Modern non-avian reptiles inhabit all the continents except Antarctica, although some birds are found on the periphery of Antarctica. Several living subgroups are recognized: Testudines, 350 species. Reptiles are tetrapod vertebrates, creatures that either have four limbs or, like snakes, are descended from four-limbed ancestors. Unlike amphibians, reptiles do not have an aquatic larval stage. Most reptiles are oviparous, although several species of squamates are viviparous, as were some extinct aquatic clades – the fetus develops within the mother, contained in a placenta rather than an eggshell; as amniotes, reptile eggs are surrounded by membranes for protection and transport, which adapt them to reproduction on dry land. Many of the viviparous species feed their fetuses through various forms of placenta analogous to those of mammals, with some providing initial care for their hatchlings. Extant reptiles range in size from a tiny gecko, Sphaerodactylus ariasae, which can grow up to 17 mm to the saltwater crocodile, Crocodylus porosus, which can reach 6 m in length and weigh over 1,000 kg.
In the 13th century the category of reptile was recognized in Europe as consisting of a miscellany of egg-laying creatures, including "snakes, various fantastic monsters, assorted amphibians, worms", as recorded by Vincent of Beauvais in his Mirror of Nature. In the 18th century, the reptiles were, from the outset of classification, grouped with the amphibians. Linnaeus, working from species-poor Sweden, where the common adder and grass snake are found hunting in water, included all reptiles and amphibians in class "III – Amphibia" in his Systema Naturæ; the terms "reptile" and "amphibian" were interchangeable, "reptile" being preferred by the French. Josephus Nicolaus Laurenti was the first to formally use the term "Reptilia" for an expanded selection of reptiles and amphibians similar to that of Linnaeus. Today, the two groups are still treated under the same heading as herptiles, it was not until the beginning of the 19th century that it became clear that reptiles and amphibians are, in fact, quite different animals, Pierre André Latreille erected the class Batracia for the latter, dividing the tetrapods into the four familiar classes of reptiles, amphibians and mammals.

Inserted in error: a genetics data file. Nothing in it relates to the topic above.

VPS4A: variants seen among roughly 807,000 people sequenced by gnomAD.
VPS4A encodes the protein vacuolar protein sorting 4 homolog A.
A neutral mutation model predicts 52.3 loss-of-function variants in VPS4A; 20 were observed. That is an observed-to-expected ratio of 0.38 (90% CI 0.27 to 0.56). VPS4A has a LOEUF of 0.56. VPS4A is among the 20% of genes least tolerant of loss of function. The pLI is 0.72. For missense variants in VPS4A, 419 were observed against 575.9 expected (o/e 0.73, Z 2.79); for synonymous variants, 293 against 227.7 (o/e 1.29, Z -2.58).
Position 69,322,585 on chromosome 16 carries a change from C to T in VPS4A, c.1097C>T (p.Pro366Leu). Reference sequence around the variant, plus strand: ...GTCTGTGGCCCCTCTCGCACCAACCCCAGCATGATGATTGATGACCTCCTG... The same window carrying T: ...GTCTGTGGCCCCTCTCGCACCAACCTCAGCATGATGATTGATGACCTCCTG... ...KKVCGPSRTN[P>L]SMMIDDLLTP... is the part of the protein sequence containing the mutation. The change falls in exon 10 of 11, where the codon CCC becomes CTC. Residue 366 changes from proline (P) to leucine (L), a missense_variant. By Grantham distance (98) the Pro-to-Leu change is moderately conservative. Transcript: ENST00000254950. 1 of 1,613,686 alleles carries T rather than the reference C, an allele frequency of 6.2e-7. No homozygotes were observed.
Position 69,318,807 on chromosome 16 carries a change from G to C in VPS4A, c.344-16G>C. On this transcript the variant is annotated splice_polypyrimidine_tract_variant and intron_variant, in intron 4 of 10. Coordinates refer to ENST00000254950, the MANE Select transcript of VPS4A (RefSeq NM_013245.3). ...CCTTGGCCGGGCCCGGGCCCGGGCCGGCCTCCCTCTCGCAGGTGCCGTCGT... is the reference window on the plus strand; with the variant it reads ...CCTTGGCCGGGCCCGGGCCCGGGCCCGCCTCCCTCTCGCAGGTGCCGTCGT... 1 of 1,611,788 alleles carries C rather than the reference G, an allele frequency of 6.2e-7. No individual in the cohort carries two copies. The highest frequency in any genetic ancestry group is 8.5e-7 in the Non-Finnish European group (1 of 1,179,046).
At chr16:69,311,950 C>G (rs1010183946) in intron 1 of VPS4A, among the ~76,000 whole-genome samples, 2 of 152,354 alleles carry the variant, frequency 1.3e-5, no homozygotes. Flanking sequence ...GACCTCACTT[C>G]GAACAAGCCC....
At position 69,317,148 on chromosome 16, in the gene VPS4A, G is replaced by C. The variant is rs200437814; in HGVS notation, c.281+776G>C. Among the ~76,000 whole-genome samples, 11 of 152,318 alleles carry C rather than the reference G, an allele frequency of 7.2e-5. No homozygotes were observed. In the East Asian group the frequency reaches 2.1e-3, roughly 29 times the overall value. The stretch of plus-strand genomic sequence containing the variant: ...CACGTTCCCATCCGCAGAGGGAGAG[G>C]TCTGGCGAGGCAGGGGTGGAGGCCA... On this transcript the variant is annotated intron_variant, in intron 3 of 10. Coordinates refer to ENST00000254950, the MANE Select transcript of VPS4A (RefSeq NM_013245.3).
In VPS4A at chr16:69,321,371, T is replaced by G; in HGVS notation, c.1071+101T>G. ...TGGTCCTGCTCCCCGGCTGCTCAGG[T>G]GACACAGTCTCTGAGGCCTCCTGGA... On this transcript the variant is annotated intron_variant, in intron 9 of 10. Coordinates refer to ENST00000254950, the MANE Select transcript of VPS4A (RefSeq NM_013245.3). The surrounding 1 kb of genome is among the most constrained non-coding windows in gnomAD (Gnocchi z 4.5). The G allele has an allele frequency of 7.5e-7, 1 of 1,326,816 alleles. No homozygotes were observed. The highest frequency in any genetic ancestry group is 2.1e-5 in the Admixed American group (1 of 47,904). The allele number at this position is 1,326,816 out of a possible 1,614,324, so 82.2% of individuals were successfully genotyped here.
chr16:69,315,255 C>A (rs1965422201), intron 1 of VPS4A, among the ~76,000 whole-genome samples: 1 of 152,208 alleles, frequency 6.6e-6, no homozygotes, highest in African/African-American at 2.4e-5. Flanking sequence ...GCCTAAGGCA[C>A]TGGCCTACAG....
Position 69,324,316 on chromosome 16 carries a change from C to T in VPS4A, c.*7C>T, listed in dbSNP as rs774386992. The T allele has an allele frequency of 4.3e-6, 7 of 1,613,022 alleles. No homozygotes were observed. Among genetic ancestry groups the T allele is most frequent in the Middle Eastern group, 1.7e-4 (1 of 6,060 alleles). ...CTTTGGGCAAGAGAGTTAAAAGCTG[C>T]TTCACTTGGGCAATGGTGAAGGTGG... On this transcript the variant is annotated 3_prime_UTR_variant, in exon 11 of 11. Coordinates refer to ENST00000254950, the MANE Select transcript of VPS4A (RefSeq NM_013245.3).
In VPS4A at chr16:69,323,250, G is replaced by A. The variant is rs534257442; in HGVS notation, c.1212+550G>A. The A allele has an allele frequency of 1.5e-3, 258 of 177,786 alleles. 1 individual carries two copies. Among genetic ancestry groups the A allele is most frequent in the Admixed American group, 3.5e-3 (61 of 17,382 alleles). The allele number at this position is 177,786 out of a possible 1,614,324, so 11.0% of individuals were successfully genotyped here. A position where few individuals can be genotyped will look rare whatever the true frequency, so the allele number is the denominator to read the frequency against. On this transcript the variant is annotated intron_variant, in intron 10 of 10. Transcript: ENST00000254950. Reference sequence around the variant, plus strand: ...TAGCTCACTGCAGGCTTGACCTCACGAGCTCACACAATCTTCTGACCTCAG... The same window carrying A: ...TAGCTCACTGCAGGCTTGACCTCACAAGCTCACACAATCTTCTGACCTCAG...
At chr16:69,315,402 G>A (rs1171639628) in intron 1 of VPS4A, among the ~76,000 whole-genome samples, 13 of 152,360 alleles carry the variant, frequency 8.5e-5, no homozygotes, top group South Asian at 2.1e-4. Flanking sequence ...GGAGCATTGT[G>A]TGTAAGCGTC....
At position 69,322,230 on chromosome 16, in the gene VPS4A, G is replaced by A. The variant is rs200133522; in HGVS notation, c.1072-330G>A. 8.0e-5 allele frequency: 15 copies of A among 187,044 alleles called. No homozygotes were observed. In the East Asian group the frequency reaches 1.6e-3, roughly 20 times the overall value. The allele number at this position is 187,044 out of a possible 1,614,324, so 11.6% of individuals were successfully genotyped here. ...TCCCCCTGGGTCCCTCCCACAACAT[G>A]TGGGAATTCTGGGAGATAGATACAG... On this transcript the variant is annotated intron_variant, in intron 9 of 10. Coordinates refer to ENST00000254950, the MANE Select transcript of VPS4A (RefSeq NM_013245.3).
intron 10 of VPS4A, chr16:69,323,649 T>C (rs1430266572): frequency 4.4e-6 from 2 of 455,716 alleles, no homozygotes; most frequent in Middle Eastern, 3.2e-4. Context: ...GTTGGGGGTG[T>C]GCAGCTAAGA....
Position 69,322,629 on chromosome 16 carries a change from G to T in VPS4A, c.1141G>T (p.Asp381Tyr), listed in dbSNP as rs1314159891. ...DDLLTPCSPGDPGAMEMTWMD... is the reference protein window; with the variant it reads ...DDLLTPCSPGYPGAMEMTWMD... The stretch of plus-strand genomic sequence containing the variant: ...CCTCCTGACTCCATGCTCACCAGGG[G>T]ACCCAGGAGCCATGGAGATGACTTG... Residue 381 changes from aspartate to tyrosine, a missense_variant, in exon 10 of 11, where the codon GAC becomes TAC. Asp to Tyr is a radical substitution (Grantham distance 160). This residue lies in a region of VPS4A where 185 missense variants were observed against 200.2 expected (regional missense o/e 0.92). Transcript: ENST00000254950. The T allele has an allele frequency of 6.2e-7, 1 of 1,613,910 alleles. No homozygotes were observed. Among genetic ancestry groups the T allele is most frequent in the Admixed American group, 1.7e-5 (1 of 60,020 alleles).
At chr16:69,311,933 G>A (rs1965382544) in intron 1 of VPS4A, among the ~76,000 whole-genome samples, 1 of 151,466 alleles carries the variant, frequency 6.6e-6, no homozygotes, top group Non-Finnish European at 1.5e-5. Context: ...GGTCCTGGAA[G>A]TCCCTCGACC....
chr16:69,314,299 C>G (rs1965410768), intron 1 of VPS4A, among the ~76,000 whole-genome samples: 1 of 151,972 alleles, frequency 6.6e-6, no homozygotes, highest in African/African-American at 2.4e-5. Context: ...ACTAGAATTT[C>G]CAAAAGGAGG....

The British anatomist Thomas Henry Huxley made Latreille's definition popular and, together with Richard Owen, expanded Reptilia to include the various fossil "antediluvian monsters", including dinosaurs and the mammal-like Dicynodon he helped describe. This was not the only possible classification scheme: In the Hunterian lectures delivered at the Royal College of Surgeons in 1863, Huxley grouped the vertebrates into mammals and ichthyoids, he subsequently proposed the names of Ichthyopsida for the latter two groups. In 1866, Haeckel demonstrated that vertebrates could be divided based on their reproductive strategies, that reptiles and mammals were united by the amniotic egg; the terms "Sauropsida" and "Theropsida" were used again in 1916 by E. S. Goodrich to distinguish between lizards and their relatives on the one hand and mammals and their extinct relatives on the other. Goodrich supported this division by the nature of the hearts and blood vessels in each group, other features, such as the structure of the forebrain.